Say Hello to CIMON. Airbus and DLRs Flying Brain Bot
A floating neuro-morphic computer named CIMON (Crew Interactive Mobile Companion) is being trained alongside astronaut and geophysicist Alexander Gerst for deployment aboard the ISS from June-October 2018 together with NASA astronaut Jeanette Epps and Russian spacecraft commander Sergei Prokopyev in May 2018.
Quite a lot of everyday objects we’re originally invented for space.
- Thermal Blankets
- The coating on scratch resistant Lenses
- Modern radial tires
- Memory foam mattresses
- Adjustable smoke detectors
- Modern athletic shoes at least as far as shock absorption, stability and motion control are concerned
- Long distance phone calls due to the introduction of satellites
Therefor, We should always keep an eye on the Aerospace sector, since tools that are first tested here tend to have very real implications for people back on Earth.
DLR, Germanys aerospace center is managing the CIMON project alongside prime contractor – international aerospace giant Airbus and a few others like IBM, Reichert Design and LMU Munich.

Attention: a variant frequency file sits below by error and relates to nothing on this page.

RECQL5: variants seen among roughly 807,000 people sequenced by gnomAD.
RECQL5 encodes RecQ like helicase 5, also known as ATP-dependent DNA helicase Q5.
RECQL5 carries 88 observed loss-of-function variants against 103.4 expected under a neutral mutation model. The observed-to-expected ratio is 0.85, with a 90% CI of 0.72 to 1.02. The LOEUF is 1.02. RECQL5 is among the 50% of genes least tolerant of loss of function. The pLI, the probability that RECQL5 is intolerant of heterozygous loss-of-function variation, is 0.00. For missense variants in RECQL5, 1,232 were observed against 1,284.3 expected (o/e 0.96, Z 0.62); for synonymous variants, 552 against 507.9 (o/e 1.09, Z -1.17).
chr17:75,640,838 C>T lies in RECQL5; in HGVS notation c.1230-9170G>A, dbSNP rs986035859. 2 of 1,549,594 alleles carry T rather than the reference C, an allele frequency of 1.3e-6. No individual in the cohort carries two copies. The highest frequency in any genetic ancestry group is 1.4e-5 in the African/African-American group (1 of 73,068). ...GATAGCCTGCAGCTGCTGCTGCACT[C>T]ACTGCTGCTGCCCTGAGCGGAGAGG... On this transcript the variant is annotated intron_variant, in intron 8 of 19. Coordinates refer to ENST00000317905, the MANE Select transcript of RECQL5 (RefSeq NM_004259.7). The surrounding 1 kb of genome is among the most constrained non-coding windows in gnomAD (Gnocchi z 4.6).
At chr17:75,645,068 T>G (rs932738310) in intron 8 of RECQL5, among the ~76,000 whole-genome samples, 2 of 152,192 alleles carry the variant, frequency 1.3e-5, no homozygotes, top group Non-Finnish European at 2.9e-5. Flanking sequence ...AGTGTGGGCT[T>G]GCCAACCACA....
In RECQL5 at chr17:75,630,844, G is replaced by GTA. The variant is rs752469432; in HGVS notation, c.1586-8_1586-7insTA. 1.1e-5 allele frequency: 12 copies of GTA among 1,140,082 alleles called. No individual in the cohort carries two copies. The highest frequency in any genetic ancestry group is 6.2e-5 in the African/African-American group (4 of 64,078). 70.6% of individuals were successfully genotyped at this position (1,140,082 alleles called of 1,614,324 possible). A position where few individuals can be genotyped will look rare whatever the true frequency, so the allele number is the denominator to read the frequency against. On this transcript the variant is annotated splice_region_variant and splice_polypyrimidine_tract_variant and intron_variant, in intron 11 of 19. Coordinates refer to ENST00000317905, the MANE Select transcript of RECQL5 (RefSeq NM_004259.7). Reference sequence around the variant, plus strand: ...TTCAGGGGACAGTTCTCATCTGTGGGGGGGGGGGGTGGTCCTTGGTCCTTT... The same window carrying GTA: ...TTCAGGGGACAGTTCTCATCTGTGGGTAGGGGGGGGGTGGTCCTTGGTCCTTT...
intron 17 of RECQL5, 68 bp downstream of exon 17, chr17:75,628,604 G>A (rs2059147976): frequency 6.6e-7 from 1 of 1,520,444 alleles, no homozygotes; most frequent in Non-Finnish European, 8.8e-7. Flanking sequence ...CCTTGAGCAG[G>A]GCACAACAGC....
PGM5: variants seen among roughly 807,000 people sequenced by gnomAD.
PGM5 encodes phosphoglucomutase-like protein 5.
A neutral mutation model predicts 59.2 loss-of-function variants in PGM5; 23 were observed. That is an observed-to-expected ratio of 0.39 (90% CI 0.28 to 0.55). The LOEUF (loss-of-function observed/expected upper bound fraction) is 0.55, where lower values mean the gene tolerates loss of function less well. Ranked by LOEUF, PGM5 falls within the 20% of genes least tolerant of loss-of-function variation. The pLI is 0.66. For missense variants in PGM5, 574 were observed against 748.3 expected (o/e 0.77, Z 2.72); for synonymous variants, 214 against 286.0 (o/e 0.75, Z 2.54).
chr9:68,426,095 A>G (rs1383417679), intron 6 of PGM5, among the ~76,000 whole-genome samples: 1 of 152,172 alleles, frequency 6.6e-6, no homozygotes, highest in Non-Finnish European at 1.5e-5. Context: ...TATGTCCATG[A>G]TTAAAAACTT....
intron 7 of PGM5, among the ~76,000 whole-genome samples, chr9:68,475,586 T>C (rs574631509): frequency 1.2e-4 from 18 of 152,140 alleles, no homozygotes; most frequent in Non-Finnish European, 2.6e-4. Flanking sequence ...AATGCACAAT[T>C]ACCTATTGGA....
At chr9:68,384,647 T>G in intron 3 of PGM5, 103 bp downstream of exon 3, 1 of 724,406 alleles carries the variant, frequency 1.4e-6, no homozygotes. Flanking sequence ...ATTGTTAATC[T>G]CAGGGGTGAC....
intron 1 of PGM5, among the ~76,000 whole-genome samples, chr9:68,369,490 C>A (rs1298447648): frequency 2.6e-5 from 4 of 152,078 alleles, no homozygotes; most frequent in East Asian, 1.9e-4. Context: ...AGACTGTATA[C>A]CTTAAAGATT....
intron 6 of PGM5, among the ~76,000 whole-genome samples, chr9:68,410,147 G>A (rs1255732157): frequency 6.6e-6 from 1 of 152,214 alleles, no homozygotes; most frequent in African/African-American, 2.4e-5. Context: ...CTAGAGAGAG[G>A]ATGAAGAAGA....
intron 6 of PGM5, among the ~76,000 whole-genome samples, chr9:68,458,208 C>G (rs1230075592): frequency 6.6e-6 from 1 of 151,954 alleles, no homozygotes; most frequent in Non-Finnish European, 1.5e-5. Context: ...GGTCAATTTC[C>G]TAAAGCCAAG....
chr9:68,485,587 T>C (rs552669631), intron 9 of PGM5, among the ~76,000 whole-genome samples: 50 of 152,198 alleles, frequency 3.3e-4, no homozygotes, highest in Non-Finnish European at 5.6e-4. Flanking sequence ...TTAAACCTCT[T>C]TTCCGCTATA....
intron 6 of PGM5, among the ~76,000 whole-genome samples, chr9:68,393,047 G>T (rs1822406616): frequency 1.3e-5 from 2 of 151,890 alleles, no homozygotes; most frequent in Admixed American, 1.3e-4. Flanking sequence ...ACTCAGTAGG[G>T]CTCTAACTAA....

Astronauts will work together with the A.I in zero-g to solve rubiks cubes, perform medical experiments and interact with crystals.
photo courtesy of Airbus
The 11 pound spherical monitor is a capable of voice and facial recognition. as well as engaging with astronauts as a “colleague” using a complex computer interface that mimics the human brain. It can also process and display diagnostic information, acting as type of virtual assistant.
Till Eisenberg, project lead at DLR
“We want to study the psychological effects of long space missions on crew members and try out suitable countermeasures, especially those that reduce stress. We will place special emphasis on data mining and interactions between humans and AI.